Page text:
William Gibson

William Gibson (1948- )


Presented by Robin Stanford, November 7, 2017


William Gibson is a Vancouver author, best known for his science fiction (SF) novels. He also writes speculative fiction and non-fiction.  Gibson’s short stories and novels are about the influence of technology on our culture.  He coined the term “cyberspace” and was writing about cyberspace and virtual reality over a decade before these technologies were known to the public. Gibson also writes about popular culture, advertising, and modern art.   Although his books are often set in the future, they address social issues facing us today.


Like Arthur C. Clarke, Gibson’s novels have inspired new product development in the Tech world, particularly in the area of virtual reality.  He resists the label of Oracle, however, saying his aim isn’t to provide specific predictions or judgments, so much as to find a suitable fictional context in which to examine the very mixed blessings of technology.  Gibson does not consider himself a technical person, saying he doesn’t always understand how the tech works but he likes what it can do and the new human processes it creates.


Gibson began writing short stories in the 1970’s, experimenting with different styles, sometimes in collaboration with other SF authors.  He was intentionally trying to write a new kind of science fiction, moving away from the world as a white monoculture and the protagonist as a good guy from the middle class or above.  Gibson also wanted science fiction to be more naturalistic, believing there had been a poverty of description in much of it. Gibson acknowledges Thomas Pynchon as a major influence on his work, particularly Gravity’s Rainbow (1973).   Gibson’s novels have also been compared to the work of Raymond Chandler and Dashiell Hammett.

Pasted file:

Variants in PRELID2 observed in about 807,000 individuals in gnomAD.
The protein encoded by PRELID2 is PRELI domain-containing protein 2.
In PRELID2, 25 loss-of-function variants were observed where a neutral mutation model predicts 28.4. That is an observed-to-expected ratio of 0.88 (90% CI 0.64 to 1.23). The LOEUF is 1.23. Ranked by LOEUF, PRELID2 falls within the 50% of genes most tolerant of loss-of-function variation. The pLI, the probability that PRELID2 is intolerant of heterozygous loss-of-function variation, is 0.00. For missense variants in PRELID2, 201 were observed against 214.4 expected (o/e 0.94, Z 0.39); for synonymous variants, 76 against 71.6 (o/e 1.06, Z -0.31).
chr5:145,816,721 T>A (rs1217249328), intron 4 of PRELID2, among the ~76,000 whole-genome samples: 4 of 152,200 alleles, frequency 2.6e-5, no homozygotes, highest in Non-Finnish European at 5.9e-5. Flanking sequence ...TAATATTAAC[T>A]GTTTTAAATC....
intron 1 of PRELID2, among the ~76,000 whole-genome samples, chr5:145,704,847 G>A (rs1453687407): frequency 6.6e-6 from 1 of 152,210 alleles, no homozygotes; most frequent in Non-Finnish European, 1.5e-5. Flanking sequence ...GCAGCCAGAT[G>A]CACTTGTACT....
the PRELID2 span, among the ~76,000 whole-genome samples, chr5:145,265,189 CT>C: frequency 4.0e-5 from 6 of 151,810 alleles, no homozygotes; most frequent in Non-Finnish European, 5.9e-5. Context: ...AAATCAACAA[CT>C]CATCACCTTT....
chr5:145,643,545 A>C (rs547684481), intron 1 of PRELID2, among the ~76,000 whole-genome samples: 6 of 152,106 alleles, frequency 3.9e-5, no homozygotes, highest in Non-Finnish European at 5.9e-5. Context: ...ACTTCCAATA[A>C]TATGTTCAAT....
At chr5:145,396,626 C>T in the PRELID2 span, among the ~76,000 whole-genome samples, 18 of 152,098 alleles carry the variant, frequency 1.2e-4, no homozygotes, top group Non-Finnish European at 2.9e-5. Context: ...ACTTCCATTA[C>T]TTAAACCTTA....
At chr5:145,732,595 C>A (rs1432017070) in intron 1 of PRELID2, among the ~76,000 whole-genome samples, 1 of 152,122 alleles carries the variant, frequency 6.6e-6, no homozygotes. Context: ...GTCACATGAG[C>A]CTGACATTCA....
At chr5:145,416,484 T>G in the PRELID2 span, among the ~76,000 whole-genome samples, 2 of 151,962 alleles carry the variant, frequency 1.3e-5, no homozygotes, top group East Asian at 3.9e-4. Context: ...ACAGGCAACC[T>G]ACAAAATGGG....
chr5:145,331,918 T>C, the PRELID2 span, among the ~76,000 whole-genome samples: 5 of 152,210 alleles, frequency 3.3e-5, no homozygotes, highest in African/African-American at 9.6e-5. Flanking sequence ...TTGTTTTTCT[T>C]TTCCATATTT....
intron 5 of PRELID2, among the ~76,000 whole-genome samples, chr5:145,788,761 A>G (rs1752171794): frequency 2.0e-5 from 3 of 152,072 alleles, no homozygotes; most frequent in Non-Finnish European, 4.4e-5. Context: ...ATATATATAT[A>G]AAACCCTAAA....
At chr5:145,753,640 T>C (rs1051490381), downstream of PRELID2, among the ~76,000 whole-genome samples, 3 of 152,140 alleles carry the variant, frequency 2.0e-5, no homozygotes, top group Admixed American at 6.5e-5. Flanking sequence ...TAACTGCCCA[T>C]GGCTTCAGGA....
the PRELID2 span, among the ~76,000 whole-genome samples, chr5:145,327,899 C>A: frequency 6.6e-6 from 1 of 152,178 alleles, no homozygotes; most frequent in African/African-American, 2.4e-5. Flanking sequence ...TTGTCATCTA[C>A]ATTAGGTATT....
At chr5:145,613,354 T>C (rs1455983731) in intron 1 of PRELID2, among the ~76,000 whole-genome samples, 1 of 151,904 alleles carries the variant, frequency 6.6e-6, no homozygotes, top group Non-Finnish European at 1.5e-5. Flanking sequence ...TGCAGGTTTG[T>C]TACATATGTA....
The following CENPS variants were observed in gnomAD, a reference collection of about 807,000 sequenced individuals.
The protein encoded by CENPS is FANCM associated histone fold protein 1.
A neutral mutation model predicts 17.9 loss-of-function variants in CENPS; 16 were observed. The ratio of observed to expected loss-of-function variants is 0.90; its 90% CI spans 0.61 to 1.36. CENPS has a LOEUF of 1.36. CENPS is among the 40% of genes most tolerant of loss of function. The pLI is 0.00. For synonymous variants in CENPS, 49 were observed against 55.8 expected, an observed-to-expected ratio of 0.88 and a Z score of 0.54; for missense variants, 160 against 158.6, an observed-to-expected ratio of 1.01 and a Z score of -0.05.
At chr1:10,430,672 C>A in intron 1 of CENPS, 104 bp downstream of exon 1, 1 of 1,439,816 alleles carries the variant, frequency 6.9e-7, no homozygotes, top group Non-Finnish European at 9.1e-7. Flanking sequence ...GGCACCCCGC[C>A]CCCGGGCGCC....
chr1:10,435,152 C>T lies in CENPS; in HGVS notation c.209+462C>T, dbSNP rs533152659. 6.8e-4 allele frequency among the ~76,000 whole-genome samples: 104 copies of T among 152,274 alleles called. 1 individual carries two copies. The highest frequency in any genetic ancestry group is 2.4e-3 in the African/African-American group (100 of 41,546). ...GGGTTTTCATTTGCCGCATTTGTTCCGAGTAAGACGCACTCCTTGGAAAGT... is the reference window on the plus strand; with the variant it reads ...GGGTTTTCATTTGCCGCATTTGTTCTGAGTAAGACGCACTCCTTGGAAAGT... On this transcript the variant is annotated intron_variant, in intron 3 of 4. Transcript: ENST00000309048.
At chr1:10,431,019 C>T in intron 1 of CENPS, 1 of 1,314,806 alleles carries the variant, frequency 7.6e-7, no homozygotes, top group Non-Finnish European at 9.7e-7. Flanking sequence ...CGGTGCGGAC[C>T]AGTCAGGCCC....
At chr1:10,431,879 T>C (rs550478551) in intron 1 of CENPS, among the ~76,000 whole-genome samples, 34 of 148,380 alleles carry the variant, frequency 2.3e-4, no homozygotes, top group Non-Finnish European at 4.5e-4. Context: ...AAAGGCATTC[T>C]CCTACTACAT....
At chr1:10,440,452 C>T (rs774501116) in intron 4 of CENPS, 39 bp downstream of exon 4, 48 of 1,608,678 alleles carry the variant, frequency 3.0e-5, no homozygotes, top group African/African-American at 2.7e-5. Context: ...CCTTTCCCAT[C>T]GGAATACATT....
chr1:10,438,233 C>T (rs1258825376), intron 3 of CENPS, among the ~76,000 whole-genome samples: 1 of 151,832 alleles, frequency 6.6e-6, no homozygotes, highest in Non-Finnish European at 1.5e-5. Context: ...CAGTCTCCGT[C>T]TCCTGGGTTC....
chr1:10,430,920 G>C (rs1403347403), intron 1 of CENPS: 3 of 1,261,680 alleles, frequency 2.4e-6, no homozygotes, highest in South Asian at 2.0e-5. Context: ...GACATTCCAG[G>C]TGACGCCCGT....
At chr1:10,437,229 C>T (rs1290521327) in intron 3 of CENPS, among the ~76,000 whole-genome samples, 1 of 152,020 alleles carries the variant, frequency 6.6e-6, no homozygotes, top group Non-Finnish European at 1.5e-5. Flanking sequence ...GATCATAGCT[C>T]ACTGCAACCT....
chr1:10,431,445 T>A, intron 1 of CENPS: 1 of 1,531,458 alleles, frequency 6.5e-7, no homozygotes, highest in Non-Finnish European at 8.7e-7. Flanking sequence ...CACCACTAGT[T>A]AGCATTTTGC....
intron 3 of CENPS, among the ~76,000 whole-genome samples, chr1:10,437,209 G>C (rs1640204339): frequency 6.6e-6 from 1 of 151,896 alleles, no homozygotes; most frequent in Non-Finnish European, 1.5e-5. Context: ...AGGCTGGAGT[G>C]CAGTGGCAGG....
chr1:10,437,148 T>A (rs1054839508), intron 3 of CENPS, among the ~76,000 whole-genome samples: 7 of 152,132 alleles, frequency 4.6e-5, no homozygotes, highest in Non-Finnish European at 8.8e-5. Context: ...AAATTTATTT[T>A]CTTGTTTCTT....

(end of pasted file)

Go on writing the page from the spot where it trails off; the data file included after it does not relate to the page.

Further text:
His first novel, Neuromancer (1984), is now considered a classic dystopian novel and the start of what came to be known as the Cyberpunk genre of SF.  Neuromancer (1984) and the following two books in the Sprawl trilogy were meant to demonstrate the dangers of a world where people would rather live vicariously through their computers than experience real life.  Instead of acting as a warning about industrial society, the novels were seized upon as a kind of roadmap and an excited generation of people started trying to do exactly what Gibson was warning them about.


The Difference Engine (1990) is a collaboration with Bruce Sterling and popularized what came to be known as the Steampunk genre of SF. Many of his novels have become bestsellers including Pattern Recognition (2003), which a reviewer called probably the best exploration yet of the function and power of product branding and advertising in the age of globalization.  Gibson has written hundreds of essays and articles for magazines, some of which are compiled in Distrust That Particular Flavor (2012). He continues to be a popular author and his new novel Agency (2018) is hotly anticipated.